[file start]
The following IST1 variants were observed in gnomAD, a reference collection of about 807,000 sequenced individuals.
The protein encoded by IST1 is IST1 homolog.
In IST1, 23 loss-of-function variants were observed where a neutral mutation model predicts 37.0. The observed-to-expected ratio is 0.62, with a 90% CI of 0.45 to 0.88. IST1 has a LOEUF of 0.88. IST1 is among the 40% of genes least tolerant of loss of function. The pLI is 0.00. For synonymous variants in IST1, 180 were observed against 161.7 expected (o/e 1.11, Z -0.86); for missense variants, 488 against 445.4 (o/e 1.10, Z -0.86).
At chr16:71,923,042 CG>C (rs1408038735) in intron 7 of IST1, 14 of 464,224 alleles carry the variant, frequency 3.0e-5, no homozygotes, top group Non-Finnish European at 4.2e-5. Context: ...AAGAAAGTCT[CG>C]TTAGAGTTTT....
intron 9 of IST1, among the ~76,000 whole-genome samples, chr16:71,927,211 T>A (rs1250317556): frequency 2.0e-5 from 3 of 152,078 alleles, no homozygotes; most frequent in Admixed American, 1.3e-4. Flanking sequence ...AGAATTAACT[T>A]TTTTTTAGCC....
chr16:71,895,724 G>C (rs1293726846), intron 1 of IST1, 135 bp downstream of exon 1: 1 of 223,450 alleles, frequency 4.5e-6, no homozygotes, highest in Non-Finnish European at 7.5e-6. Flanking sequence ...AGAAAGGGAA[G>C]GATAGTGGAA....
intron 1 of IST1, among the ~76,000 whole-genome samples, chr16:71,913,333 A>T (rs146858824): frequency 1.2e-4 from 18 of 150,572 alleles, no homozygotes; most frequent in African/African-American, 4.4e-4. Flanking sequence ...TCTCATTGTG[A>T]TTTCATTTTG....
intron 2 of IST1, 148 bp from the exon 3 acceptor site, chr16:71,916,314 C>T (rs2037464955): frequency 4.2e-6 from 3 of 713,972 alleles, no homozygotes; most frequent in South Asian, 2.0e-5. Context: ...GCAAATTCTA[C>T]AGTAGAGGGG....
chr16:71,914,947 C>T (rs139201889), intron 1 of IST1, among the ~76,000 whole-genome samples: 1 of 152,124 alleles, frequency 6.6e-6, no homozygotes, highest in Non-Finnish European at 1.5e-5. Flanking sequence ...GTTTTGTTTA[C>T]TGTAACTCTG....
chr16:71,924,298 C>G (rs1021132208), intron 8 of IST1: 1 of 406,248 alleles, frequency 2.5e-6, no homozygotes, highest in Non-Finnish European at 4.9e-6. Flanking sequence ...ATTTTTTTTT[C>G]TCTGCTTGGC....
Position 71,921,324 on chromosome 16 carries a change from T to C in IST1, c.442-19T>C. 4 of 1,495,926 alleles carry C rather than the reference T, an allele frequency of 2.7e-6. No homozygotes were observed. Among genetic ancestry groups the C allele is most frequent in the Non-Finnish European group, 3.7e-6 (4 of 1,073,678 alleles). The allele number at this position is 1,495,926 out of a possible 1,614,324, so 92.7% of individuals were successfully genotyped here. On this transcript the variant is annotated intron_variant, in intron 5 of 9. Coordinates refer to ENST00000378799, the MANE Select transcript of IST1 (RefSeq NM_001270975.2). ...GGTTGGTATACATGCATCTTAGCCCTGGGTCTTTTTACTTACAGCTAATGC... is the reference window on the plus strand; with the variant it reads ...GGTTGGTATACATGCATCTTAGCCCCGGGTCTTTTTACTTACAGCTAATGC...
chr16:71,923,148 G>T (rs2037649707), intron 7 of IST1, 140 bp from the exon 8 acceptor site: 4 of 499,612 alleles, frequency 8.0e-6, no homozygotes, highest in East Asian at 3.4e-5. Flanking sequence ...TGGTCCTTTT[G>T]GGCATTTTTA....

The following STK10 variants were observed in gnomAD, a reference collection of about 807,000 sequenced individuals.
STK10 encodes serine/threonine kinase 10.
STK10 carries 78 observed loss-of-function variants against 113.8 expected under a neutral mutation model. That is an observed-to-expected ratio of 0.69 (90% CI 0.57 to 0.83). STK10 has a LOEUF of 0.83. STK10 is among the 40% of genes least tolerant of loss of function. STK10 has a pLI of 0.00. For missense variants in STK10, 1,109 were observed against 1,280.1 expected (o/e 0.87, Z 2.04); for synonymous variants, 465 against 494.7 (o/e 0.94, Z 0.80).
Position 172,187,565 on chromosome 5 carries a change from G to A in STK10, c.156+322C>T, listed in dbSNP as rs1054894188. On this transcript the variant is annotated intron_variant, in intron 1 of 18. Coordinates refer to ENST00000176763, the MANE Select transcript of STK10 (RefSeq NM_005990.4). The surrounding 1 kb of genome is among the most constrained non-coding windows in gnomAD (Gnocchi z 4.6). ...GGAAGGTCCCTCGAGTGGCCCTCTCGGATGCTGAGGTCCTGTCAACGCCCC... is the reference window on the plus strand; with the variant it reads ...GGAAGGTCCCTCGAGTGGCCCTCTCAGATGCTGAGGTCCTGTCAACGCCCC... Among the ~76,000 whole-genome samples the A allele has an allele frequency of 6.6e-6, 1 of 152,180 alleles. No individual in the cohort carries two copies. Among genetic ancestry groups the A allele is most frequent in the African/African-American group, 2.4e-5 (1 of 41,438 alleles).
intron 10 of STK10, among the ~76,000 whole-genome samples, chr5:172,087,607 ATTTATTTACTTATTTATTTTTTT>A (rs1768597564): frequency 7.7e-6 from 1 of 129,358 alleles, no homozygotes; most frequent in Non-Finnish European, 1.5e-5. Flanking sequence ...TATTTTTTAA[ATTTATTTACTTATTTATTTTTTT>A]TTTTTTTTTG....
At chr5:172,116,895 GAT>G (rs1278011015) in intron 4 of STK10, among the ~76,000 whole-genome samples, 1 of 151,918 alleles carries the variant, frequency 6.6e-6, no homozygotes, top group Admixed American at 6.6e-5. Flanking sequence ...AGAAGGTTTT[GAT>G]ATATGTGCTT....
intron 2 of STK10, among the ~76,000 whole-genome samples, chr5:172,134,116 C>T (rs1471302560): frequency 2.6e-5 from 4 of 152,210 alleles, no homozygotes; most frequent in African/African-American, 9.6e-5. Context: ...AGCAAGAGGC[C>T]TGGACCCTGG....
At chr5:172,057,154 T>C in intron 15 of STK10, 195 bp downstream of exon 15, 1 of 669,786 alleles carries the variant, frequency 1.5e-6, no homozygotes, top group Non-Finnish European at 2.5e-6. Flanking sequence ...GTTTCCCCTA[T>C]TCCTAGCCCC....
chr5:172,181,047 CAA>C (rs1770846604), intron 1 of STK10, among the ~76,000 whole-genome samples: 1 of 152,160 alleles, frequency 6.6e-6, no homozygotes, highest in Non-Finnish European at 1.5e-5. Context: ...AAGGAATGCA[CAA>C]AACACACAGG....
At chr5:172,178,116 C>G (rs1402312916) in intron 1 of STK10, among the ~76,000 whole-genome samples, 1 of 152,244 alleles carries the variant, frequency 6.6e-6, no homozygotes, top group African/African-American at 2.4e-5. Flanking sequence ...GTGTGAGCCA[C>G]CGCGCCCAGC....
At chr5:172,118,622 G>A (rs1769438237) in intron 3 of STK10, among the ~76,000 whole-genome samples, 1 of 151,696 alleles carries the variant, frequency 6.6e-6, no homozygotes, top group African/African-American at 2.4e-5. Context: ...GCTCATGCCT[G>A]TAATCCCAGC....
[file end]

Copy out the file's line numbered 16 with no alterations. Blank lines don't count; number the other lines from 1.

Position 172,187,565 on chromosome 5 carries a change from G to A in STK10, c.156+322C>T, listed in dbSNP as rs1054894188. On this transcript the variant is annotated intron_variant, in intron 1 of 18. Coordinates refer to ENST00000176763, the MANE Select transcript of STK10 (RefSeq NM_005990.4). The surrounding 1 kb of genome is among the most constrained non-coding windows in gnomAD (Gnocchi z 4.6). ...GGAAGGTCCCTCGAGTGGCCCTCTCGGATGCTGAGGTCCTGTCAACGCCCC... is the reference window on the plus strand; with the variant it reads ...GGAAGGTCCCTCGAGTGGCCCTCTCAGATGCTGAGGTCCTGTCAACGCCCC... Among the ~76,000 whole-genome samples the A allele has an allele frequency of 6.6e-6, 1 of 152,180 alleles. No individual in the cohort carries two copies. Among genetic ancestry groups the A allele is most frequent in the African/African-American group, 2.4e-5 (1 of 41,438 alleles).